• Good luck, Alicia—You’ll Need It

    • Posted on Sep 26, 1980

    Note:  ALICIA WITT, now 33, graduated from high school when she was 14, and has acted in some 55 films and TV series.  Wish I had predicted that too--but I at least noticed that she was destined for an unusual life.  That has certainly happened.  (11-16-2012)  


    Everyone knows some ante-raiser.

    You know, the secretary who cheerfully types twice as much, twice as fast as anyone in the office and makes good coffee besides? Or the athlete who breaks all the records, then says, “Ah, it wasn’t nothing,” and means it. Or the movie star who plays Shakespeare well.

    These super-secretaries, jocks, and stars inevitably make their colleagues feel inadequate. In general, they have fewer friends than most and find that though they might be respected and admired, they’re not liked because they up the ante, so to speak.

    Then there's little Alicia Witt. Alicia, you may have read, raises everybody enough so we all have to pay more. A lot more.

    You think you have a smart kid because he-she babbled “Muh-muh” at seven months? Alicia was “deciphering diaper boxes and world maps” at seven months.

                Are you proud of your 2-year-old because he-she remembered Uncle Wylie’s name? At 2, Alicia said to Robert, her father, as he came home, “Is thy name Robert a fair name? I’ll have no father if you be not him.” Shakespeare; she’d read it that day.

    Your five year old knows the alphabet? Little Alicia, now just 5, writes stories more than 20 pages long. She knew the alphabet, both phonetically and the letters, when she was 16 months.

    When Alicia was just under 3, a psychologist reported that she was intellectually at least 12. As her mother says, “A month for Alicia is like a couple of years for other children.”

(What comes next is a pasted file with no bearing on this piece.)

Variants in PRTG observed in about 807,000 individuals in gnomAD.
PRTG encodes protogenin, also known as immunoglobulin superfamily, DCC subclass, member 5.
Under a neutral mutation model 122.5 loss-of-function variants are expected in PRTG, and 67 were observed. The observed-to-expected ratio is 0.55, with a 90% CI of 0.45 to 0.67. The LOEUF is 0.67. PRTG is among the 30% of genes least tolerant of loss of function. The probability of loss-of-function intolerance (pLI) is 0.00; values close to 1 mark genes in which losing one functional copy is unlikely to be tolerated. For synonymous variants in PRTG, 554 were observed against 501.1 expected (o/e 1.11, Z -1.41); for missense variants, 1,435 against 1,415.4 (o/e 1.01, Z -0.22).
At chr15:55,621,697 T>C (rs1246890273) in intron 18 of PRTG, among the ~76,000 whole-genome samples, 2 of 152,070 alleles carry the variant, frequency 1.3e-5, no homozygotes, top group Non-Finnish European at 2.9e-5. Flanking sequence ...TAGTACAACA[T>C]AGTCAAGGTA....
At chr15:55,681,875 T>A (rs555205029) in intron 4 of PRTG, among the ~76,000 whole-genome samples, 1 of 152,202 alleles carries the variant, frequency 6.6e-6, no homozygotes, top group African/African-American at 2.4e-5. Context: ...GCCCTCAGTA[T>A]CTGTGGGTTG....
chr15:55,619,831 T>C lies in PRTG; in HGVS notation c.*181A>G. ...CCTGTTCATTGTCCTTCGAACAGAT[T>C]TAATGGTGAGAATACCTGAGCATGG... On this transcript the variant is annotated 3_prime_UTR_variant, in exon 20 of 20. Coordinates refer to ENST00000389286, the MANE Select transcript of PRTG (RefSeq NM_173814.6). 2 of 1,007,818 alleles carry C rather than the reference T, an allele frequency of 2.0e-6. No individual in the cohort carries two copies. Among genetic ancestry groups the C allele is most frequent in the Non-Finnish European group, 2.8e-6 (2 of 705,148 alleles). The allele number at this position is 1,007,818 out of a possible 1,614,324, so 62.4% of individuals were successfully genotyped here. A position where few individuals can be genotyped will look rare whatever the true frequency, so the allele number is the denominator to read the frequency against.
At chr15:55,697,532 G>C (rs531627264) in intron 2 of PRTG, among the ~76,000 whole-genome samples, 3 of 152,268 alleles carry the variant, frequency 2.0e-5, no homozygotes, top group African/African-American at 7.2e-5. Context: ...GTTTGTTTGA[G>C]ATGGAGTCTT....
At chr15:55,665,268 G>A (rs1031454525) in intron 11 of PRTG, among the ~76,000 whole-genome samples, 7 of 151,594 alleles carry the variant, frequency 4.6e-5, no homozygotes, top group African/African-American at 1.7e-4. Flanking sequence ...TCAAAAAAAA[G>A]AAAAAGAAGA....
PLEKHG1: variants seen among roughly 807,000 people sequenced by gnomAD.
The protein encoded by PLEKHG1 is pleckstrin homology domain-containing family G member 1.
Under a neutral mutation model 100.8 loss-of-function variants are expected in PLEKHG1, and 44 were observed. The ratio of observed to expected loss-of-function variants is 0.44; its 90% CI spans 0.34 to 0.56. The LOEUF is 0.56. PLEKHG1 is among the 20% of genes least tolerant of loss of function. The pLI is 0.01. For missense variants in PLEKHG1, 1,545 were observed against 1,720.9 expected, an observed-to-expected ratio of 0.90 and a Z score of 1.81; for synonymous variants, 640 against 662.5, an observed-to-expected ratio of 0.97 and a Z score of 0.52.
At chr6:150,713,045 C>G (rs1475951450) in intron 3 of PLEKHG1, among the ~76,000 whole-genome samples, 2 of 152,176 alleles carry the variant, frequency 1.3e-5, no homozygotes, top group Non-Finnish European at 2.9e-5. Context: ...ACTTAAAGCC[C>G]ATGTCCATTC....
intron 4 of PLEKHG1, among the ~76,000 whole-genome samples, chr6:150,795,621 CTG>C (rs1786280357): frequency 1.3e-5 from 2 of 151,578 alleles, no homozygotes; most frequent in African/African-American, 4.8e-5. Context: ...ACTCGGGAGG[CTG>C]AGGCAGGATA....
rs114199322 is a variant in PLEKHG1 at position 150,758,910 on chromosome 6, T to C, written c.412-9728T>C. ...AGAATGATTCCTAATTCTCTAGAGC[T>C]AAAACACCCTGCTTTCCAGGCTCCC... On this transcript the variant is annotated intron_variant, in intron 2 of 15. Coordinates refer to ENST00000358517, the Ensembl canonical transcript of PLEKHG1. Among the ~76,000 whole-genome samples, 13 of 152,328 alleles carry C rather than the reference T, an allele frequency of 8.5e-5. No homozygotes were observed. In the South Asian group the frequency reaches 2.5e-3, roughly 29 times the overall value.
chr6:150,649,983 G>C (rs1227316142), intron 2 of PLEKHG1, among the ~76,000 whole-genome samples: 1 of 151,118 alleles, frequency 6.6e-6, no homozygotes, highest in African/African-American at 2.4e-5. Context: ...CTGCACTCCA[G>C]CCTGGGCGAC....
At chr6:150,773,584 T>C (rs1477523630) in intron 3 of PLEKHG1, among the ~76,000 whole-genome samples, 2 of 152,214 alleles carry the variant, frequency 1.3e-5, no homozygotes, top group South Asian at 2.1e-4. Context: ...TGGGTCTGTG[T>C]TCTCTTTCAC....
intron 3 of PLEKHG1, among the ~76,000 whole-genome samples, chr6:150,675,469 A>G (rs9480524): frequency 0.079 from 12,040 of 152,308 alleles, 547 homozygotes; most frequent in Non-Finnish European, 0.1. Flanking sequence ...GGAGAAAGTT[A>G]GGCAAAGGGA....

In a word, Alicia is a freak, or at least that’s how she’s going to be treated. For if people have trouble with super secretaries, what will they do with a super-everything like Alicia? Her teachers will slow her down, her friends will bore her, her parents won’t know what to do with her.

    And the rest of us will be reminded, because of her very existence, that our ideas about human intelligence have been too narrow. That’s hard to deal with because our own intelligence seems so much more limited than Alicia’s.

    Consider what may happen to Alicia:

    -       She could marry, have kids, grow old happily and live a good life.

    -       She could join a carnival sideshow as “Memory Woman.”

    -       She could become the 51st president, though she’s probably too bright to try.

    -       She could write poetry, novels and plays, winning three Nobel Prizes for literature.

    -       She could write treatises on theoretical physics, winning a Nobel Prize for same.

    -       She could become a career waitress at Barney’s Bar and Grille in her hometown of Worchester, Mass., becoming locally famous for her witty cracks about the food and customers.

    With a name like Alicia, she’s halfway there.

    -       She could join a nunnery to eventually become the first female Pope.

    -       She could become a revolutionary, turning against her parents and the system that turned her into such a freak.

    Given what I know of the world and Alicia, the answer to what she will become is simple: she’ll do all of the above, then die having lived a full and varied life.

     At 18.

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